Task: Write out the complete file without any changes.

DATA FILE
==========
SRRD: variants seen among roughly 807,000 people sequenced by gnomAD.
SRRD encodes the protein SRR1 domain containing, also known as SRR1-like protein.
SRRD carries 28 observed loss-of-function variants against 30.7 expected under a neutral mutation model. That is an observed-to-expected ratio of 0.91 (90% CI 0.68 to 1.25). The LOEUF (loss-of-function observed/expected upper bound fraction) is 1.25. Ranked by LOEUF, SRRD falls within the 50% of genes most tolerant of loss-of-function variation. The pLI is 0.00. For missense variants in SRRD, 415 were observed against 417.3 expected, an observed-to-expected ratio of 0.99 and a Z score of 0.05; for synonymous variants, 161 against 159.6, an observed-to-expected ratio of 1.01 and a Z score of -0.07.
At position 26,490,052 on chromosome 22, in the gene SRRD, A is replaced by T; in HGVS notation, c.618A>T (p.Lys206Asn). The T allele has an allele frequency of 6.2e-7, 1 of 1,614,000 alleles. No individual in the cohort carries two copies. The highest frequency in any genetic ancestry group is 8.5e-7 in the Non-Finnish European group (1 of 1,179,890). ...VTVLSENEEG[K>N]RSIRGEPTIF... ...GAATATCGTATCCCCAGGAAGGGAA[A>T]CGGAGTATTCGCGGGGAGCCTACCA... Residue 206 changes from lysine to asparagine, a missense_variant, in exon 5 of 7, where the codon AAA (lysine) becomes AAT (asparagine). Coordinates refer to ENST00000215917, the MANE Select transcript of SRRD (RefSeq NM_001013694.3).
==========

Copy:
SRRD: variants seen among roughly 807,000 people sequenced by gnomAD.
SRRD encodes the protein SRR1 domain containing, also known as SRR1-like protein.
SRRD carries 28 observed loss-of-function variants against 30.7 expected under a neutral mutation model. That is an observed-to-expected ratio of 0.91 (90% CI 0.68 to 1.25). The LOEUF (loss-of-function observed/expected upper bound fraction) is 1.25. Ranked by LOEUF, SRRD falls within the 50% of genes most tolerant of loss-of-function variation. The pLI is 0.00. For missense variants in SRRD, 415 were observed against 417.3 expected, an observed-to-expected ratio of 0.99 and a Z score of 0.05; for synonymous variants, 161 against 159.6, an observed-to-expected ratio of 1.01 and a Z score of -0.07.
At position 26,490,052 on chromosome 22, in the gene SRRD, A is replaced by T; in HGVS notation, c.618A>T (p.Lys206Asn). The T allele has an allele frequency of 6.2e-7, 1 of 1,614,000 alleles. No individual in the cohort carries two copies. The highest frequency in any genetic ancestry group is 8.5e-7 in the Non-Finnish European group (1 of 1,179,890). ...VTVLSENEEG[K>N]RSIRGEPTIF... ...GAATATCGTATCCCCAGGAAGGGAA[A>T]CGGAGTATTCGCGGGGAGCCTACCA... Residue 206 changes from lysine to asparagine, a missense_variant, in exon 5 of 7, where the codon AAA (lysine) becomes AAT (asparagine). Coordinates refer to ENST00000215917, the MANE Select transcript of SRRD (RefSeq NM_001013694.3).